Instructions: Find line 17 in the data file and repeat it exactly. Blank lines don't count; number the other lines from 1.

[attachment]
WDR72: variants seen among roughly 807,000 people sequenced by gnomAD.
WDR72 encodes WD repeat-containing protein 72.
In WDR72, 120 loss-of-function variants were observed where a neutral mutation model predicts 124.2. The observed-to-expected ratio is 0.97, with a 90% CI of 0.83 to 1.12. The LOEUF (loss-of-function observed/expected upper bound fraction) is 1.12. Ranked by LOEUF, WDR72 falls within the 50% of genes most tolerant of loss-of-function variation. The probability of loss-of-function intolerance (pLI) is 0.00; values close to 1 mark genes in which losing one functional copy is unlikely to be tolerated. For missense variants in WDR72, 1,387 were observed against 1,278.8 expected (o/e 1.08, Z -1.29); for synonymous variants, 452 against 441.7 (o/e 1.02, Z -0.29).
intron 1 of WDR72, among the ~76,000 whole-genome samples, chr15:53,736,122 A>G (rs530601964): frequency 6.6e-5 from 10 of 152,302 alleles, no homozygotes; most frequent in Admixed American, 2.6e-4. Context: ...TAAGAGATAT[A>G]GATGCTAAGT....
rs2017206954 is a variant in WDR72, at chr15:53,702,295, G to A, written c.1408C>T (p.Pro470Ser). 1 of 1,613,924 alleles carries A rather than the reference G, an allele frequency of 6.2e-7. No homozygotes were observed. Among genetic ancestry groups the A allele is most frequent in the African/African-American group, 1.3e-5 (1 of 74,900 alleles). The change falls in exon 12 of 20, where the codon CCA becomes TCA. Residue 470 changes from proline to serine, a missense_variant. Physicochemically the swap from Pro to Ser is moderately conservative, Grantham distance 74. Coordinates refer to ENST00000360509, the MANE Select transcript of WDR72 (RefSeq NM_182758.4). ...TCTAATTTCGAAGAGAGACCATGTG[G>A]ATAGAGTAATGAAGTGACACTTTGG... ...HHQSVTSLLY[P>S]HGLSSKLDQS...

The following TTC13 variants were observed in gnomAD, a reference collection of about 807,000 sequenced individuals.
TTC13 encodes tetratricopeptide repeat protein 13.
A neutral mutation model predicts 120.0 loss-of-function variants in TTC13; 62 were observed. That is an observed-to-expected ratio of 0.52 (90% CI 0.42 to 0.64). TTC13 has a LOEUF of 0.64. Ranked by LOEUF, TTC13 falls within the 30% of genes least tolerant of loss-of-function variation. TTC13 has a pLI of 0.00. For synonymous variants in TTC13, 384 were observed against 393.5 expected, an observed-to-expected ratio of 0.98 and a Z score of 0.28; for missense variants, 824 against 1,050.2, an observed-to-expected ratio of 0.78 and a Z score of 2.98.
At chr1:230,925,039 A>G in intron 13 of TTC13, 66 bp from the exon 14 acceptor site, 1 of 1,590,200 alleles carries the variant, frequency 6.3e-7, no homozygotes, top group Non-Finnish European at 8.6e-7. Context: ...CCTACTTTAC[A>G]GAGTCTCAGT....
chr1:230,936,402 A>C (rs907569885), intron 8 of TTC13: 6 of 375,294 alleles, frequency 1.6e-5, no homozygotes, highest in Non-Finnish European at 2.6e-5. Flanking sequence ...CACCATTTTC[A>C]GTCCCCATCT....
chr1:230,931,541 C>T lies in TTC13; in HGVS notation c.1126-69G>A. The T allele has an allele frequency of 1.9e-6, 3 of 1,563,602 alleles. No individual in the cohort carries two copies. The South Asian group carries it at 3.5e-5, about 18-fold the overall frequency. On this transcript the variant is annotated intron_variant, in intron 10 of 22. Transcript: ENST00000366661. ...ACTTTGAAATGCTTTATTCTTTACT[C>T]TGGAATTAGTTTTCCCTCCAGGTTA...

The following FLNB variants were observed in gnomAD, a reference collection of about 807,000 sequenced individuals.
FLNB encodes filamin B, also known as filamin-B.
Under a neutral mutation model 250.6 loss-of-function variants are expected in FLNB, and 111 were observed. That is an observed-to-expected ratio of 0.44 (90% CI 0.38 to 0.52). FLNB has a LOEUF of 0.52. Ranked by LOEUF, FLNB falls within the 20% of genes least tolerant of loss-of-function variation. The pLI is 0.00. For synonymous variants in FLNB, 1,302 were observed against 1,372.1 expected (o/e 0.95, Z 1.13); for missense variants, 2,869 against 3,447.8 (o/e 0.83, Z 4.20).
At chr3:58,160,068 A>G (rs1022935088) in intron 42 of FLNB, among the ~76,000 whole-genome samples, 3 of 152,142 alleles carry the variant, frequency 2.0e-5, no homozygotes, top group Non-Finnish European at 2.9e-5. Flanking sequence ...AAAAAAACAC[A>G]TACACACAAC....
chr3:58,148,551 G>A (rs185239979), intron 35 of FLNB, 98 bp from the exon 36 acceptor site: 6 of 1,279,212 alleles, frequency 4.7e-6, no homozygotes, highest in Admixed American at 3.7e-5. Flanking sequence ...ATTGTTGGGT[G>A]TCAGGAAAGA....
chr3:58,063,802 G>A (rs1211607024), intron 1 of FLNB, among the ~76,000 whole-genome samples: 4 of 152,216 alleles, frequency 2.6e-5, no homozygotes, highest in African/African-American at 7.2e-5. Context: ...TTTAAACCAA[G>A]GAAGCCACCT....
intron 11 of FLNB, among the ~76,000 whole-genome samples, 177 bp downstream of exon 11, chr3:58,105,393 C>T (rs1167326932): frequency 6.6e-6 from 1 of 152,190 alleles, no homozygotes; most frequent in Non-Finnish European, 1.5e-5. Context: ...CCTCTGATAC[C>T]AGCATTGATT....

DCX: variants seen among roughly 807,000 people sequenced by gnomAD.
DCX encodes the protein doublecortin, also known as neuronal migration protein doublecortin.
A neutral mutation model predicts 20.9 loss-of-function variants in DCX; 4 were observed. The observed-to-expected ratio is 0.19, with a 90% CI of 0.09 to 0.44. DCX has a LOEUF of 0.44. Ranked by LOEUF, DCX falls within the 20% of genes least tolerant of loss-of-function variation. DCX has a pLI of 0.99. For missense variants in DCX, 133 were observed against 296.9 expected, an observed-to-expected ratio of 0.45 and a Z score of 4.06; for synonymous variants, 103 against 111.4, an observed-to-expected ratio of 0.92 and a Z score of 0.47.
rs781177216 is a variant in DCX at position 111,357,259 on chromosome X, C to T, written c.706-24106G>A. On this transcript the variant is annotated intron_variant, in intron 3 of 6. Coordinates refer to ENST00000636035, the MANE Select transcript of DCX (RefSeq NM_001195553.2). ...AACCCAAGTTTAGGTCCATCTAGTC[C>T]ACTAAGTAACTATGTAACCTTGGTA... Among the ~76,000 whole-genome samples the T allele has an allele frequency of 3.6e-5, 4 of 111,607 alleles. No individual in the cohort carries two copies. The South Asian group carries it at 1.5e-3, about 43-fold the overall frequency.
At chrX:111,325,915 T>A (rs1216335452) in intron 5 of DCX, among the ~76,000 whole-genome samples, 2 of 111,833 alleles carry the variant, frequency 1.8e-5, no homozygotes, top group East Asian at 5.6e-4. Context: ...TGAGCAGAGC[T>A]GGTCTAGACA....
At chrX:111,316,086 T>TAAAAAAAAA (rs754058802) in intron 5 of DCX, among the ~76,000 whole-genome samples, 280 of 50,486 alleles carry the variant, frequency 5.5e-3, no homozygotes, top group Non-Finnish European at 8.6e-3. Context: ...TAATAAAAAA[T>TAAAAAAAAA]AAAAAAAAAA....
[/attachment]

chr3:58,063,802 G>A (rs1211607024), intron 1 of FLNB, among the ~76,000 whole-genome samples: 4 of 152,216 alleles, frequency 2.6e-5, no homozygotes, highest in African/African-American at 7.2e-5. Context: ...TTTAAACCAA[G>A]GAAGCCACCT....